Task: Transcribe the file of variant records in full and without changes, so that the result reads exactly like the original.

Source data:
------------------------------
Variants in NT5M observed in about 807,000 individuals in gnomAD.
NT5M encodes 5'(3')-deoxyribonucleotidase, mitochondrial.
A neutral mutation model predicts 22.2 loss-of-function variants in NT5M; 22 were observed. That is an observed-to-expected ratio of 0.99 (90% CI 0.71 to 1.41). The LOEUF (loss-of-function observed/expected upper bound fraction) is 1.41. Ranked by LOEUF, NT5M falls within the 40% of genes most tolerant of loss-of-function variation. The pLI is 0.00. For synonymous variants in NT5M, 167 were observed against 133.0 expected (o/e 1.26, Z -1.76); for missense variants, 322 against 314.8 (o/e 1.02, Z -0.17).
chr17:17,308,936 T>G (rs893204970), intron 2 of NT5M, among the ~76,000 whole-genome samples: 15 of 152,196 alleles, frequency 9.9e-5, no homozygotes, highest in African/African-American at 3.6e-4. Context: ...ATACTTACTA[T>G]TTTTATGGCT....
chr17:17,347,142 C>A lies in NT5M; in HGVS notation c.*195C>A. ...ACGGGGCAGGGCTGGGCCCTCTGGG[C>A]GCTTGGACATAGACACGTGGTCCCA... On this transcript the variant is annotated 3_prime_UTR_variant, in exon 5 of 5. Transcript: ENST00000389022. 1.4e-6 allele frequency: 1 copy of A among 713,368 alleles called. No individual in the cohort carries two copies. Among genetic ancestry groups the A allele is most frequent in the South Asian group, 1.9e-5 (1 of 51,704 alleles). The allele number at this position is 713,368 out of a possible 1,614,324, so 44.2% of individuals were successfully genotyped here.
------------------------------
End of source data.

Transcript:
Variants in NT5M observed in about 807,000 individuals in gnomAD.
NT5M encodes 5'(3')-deoxyribonucleotidase, mitochondrial.
A neutral mutation model predicts 22.2 loss-of-function variants in NT5M; 22 were observed. That is an observed-to-expected ratio of 0.99 (90% CI 0.71 to 1.41). The LOEUF (loss-of-function observed/expected upper bound fraction) is 1.41. Ranked by LOEUF, NT5M falls within the 40% of genes most tolerant of loss-of-function variation. The pLI is 0.00. For synonymous variants in NT5M, 167 were observed against 133.0 expected (o/e 1.26, Z -1.76); for missense variants, 322 against 314.8 (o/e 1.02, Z -0.17).
chr17:17,308,936 T>G (rs893204970), intron 2 of NT5M, among the ~76,000 whole-genome samples: 15 of 152,196 alleles, frequency 9.9e-5, no homozygotes, highest in African/African-American at 3.6e-4. Context: ...ATACTTACTA[T>G]TTTTATGGCT....
chr17:17,347,142 C>A lies in NT5M; in HGVS notation c.*195C>A. ...ACGGGGCAGGGCTGGGCCCTCTGGG[C>A]GCTTGGACATAGACACGTGGTCCCA... On this transcript the variant is annotated 3_prime_UTR_variant, in exon 5 of 5. Transcript: ENST00000389022. 1.4e-6 allele frequency: 1 copy of A among 713,368 alleles called. No individual in the cohort carries two copies. Among genetic ancestry groups the A allele is most frequent in the South Asian group, 1.9e-5 (1 of 51,704 alleles). The allele number at this position is 713,368 out of a possible 1,614,324, so 44.2% of individuals were successfully genotyped here.